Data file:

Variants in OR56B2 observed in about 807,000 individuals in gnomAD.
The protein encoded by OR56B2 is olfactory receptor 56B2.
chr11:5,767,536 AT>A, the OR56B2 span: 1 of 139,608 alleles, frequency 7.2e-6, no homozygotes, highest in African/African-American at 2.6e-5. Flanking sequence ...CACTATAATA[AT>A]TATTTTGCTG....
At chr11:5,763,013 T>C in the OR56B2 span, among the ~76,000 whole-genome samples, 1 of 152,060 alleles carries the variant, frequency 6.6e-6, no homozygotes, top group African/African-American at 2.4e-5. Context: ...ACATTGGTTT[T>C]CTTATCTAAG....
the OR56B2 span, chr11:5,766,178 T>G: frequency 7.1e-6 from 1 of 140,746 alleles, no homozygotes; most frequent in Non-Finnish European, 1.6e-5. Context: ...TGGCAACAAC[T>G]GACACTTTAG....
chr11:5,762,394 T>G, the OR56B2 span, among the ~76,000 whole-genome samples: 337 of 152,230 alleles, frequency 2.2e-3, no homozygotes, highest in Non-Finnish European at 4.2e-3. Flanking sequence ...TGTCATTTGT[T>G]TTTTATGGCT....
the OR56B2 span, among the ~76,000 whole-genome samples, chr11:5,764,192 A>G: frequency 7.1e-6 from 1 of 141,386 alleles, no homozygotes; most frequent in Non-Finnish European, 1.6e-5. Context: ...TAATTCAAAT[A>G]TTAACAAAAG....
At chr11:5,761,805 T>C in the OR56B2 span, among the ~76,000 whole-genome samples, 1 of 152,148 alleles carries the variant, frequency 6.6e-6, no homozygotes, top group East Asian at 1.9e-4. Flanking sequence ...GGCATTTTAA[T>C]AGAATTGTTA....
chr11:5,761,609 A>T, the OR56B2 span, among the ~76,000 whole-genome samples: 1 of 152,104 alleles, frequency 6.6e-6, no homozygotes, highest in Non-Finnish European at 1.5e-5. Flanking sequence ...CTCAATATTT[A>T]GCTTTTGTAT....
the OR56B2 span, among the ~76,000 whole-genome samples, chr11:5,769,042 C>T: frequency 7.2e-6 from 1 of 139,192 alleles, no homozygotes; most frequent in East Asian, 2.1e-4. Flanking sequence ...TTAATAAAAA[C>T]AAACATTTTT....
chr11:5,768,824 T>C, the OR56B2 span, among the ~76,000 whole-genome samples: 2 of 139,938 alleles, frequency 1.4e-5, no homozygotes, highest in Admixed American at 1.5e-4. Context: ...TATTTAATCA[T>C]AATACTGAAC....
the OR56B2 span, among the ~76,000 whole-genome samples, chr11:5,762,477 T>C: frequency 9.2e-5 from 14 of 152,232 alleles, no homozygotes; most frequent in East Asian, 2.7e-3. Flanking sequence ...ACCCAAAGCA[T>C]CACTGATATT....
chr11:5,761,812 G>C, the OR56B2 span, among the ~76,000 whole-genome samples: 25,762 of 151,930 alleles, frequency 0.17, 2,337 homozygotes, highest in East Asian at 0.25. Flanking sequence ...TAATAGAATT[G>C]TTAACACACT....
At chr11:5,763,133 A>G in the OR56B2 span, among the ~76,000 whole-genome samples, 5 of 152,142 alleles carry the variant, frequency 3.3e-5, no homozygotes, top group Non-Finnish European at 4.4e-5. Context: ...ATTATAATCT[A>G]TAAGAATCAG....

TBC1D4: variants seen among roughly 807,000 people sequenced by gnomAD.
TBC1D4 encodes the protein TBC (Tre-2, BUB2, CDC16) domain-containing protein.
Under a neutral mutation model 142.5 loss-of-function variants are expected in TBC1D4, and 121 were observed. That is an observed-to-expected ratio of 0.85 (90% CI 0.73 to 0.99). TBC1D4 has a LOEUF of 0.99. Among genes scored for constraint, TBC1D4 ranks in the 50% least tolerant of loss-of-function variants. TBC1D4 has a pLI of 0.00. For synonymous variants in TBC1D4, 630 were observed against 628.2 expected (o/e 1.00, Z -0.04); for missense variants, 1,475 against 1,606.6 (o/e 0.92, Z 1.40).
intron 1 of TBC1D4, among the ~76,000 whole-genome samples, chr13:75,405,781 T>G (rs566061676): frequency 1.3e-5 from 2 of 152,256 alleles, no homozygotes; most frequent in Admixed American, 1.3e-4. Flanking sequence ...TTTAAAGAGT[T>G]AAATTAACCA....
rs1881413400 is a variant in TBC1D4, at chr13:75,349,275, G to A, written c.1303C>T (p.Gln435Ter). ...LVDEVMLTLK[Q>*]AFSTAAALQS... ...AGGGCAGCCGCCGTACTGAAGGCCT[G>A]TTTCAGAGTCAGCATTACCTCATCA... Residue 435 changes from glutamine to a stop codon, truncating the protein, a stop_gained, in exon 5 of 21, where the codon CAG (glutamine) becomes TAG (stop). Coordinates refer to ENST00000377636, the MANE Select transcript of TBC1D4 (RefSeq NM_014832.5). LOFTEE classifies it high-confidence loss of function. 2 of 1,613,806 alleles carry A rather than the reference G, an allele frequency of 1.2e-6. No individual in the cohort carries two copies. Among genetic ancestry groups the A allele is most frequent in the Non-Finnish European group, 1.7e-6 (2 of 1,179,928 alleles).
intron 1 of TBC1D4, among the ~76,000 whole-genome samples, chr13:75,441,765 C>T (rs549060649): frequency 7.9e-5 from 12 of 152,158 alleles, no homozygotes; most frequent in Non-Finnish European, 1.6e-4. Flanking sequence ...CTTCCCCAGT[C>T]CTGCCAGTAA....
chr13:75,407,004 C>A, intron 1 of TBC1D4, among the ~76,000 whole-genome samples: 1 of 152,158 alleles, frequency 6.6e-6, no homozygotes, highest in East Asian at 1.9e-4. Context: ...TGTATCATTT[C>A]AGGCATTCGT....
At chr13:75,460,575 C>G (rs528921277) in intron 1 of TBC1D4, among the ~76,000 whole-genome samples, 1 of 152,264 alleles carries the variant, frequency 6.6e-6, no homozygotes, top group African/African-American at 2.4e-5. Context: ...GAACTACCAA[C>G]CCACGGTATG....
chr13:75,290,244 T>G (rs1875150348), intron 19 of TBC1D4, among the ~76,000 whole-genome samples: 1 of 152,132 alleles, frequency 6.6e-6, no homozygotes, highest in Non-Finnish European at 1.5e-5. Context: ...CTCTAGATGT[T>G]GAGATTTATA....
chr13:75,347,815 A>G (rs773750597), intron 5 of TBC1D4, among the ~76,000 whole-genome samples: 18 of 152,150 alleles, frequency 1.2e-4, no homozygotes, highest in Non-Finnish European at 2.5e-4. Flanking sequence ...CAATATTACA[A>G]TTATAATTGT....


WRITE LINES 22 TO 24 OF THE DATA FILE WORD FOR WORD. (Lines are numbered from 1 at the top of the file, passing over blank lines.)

At chr13:75,460,575 C>G (rs528921277) in intron 1 of TBC1D4, among the ~76,000 whole-genome samples, 1 of 152,264 alleles carries the variant, frequency 6.6e-6, no homozygotes, top group African/African-American at 2.4e-5. Context: ...GAACTACCAA[C>G]CCACGGTATG....
chr13:75,290,244 T>G (rs1875150348), intron 19 of TBC1D4, among the ~76,000 whole-genome samples: 1 of 152,132 alleles, frequency 6.6e-6, no homozygotes, highest in Non-Finnish European at 1.5e-5. Context: ...CTCTAGATGT[T>G]GAGATTTATA....
chr13:75,347,815 A>G (rs773750597), intron 5 of TBC1D4, among the ~76,000 whole-genome samples: 18 of 152,150 alleles, frequency 1.2e-4, no homozygotes, highest in Non-Finnish European at 2.5e-4. Flanking sequence ...CAATATTACA[A>G]TTATAATTGT....